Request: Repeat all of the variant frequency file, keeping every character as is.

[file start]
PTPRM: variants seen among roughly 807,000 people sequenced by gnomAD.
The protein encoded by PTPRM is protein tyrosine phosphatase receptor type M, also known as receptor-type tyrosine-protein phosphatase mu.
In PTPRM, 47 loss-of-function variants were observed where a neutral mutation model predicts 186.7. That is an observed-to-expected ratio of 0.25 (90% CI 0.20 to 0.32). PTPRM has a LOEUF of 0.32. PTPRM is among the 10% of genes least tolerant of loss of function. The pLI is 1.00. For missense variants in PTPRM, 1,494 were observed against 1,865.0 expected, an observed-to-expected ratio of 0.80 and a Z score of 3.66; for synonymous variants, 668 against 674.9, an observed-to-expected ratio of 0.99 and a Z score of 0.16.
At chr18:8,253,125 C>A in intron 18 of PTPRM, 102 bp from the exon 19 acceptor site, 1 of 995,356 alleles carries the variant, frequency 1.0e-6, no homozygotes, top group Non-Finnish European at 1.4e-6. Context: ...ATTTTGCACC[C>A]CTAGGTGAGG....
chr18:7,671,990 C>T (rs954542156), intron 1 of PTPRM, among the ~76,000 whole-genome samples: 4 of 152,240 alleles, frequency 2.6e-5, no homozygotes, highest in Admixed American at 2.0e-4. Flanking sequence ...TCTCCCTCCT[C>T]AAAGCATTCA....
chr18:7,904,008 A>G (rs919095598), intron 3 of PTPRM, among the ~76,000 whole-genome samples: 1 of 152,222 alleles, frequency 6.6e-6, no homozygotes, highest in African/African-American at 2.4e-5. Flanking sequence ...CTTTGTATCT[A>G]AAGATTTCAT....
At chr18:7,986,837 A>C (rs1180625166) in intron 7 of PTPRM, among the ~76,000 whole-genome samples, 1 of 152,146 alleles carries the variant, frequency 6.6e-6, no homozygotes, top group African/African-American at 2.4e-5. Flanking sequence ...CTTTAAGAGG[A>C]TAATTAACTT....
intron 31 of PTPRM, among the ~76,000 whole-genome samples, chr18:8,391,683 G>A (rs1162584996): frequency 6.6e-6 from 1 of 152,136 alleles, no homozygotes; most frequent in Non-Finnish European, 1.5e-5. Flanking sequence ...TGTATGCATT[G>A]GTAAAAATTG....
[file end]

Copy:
PTPRM: variants seen among roughly 807,000 people sequenced by gnomAD.
The protein encoded by PTPRM is protein tyrosine phosphatase receptor type M, also known as receptor-type tyrosine-protein phosphatase mu.
In PTPRM, 47 loss-of-function variants were observed where a neutral mutation model predicts 186.7. That is an observed-to-expected ratio of 0.25 (90% CI 0.20 to 0.32). PTPRM has a LOEUF of 0.32. PTPRM is among the 10% of genes least tolerant of loss of function. The pLI is 1.00. For missense variants in PTPRM, 1,494 were observed against 1,865.0 expected, an observed-to-expected ratio of 0.80 and a Z score of 3.66; for synonymous variants, 668 against 674.9, an observed-to-expected ratio of 0.99 and a Z score of 0.16.
At chr18:8,253,125 C>A in intron 18 of PTPRM, 102 bp from the exon 19 acceptor site, 1 of 995,356 alleles carries the variant, frequency 1.0e-6, no homozygotes, top group Non-Finnish European at 1.4e-6. Context: ...ATTTTGCACC[C>A]CTAGGTGAGG....
chr18:7,671,990 C>T (rs954542156), intron 1 of PTPRM, among the ~76,000 whole-genome samples: 4 of 152,240 alleles, frequency 2.6e-5, no homozygotes, highest in Admixed American at 2.0e-4. Flanking sequence ...TCTCCCTCCT[C>T]AAAGCATTCA....
chr18:7,904,008 A>G (rs919095598), intron 3 of PTPRM, among the ~76,000 whole-genome samples: 1 of 152,222 alleles, frequency 6.6e-6, no homozygotes, highest in African/African-American at 2.4e-5. Flanking sequence ...CTTTGTATCT[A>G]AAGATTTCAT....
At chr18:7,986,837 A>C (rs1180625166) in intron 7 of PTPRM, among the ~76,000 whole-genome samples, 1 of 152,146 alleles carries the variant, frequency 6.6e-6, no homozygotes, top group African/African-American at 2.4e-5. Flanking sequence ...CTTTAAGAGG[A>C]TAATTAACTT....
intron 31 of PTPRM, among the ~76,000 whole-genome samples, chr18:8,391,683 G>A (rs1162584996): frequency 6.6e-6 from 1 of 152,136 alleles, no homozygotes; most frequent in Non-Finnish European, 1.5e-5. Flanking sequence ...TGTATGCATT[G>A]GTAAAAATTG....